By 1536, Copernicus' work was nearing its definitive form, and rumors about his theory had reached educated people all over Europe. From many parts of the continent, Copernicus was urged to publish.

In a letter dated Rome, 1 November, 1536, Cardinal Nicola Schönberg of Capua asked Copernicus to communicate his ideas more widely and requested a copy for himself: "Therefore, learned man, without wishing to be inopportune, I beg you most emphatically to communicate your discovery to the learned world, and to send me as soon as possible your theories about the Universe, together with tables and whatever else you have pertaining to the subject." It has been suggested that this letter may have made Copernicus leery of publicationTemplate:Fact, while others have suggested that it indicated that the Church wanted to ensure that his ideas were publishedTemplate:Fact.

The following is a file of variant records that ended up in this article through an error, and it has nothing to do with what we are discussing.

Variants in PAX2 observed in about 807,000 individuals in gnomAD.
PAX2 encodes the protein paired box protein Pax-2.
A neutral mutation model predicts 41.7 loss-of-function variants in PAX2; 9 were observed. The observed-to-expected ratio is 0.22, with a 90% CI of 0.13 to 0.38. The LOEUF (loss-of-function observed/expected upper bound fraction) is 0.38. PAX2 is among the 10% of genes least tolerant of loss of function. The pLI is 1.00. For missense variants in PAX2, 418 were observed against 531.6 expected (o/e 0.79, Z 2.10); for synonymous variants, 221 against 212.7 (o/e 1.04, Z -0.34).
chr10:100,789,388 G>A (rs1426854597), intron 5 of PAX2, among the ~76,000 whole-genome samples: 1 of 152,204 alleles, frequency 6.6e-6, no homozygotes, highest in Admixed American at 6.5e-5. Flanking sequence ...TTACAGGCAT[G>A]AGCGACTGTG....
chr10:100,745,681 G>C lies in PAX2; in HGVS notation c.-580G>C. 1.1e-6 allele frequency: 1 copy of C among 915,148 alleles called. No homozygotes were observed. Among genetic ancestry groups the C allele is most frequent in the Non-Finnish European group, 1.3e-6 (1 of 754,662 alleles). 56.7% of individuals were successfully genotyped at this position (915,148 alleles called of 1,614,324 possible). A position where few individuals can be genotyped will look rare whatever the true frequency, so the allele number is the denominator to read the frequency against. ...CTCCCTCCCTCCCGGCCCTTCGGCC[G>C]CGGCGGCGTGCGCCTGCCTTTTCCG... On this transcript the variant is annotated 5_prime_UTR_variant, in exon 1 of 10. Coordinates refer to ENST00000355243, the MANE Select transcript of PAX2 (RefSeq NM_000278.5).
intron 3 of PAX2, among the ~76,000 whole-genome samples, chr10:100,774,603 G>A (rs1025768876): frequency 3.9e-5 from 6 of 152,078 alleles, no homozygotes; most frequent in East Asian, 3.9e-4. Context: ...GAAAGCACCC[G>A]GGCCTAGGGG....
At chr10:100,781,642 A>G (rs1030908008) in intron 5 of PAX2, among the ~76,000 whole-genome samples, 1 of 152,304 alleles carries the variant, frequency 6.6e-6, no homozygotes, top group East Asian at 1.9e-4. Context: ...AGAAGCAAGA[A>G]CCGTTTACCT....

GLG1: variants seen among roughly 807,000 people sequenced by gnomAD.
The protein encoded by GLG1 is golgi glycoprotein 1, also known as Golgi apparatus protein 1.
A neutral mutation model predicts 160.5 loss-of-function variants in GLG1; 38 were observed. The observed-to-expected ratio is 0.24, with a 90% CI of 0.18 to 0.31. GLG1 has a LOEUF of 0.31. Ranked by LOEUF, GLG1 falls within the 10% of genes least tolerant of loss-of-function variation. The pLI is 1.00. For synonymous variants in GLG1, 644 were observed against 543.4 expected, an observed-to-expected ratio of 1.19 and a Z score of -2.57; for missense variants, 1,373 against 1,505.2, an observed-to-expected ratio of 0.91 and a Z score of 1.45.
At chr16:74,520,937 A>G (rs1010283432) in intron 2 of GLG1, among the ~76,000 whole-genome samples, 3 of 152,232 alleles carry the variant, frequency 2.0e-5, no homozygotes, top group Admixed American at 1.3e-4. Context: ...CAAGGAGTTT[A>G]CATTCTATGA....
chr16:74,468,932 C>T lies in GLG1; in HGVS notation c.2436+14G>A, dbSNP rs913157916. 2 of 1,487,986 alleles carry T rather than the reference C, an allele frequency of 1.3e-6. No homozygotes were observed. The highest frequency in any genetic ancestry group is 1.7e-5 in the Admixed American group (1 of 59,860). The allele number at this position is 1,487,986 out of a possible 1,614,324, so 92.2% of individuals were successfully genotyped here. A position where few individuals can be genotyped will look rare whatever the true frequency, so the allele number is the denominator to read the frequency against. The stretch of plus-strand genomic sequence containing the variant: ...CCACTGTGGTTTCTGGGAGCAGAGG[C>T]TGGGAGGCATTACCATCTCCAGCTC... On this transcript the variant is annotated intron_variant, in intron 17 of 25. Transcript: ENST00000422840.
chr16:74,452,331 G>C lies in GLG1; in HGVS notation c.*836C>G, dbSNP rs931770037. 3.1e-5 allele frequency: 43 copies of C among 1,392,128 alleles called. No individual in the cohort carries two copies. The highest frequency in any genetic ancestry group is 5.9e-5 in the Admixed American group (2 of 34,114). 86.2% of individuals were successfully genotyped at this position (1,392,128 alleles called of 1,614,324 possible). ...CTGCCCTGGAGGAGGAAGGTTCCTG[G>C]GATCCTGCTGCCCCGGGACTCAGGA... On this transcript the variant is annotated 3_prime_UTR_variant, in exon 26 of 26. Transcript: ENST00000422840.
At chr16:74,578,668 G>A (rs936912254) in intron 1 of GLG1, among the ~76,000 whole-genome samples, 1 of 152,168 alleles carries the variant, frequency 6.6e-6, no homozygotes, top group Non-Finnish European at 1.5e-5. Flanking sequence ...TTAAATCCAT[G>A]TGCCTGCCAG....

Despite urgings from many quarters, Copernicus delayed with the publication of his book — probably, in the main, from fear of criticism for his revolutionary work by the establishment. About this, historians of science Lindberg and Numbers say: "If Copernicus had any genuine fear of publication, it was the reaction of scientists, not clerics, that worried him. Other churchmen before him — Nicole Oresme (a bishop) in the fourteenth century and Nicholas of Cusa (a cardinal) in the fifteenth — had freely discussed the possible motion of the earth, and there was no reason to suppose that the reappearance of this idea in the sixteenth century would cause a religious stir." [1].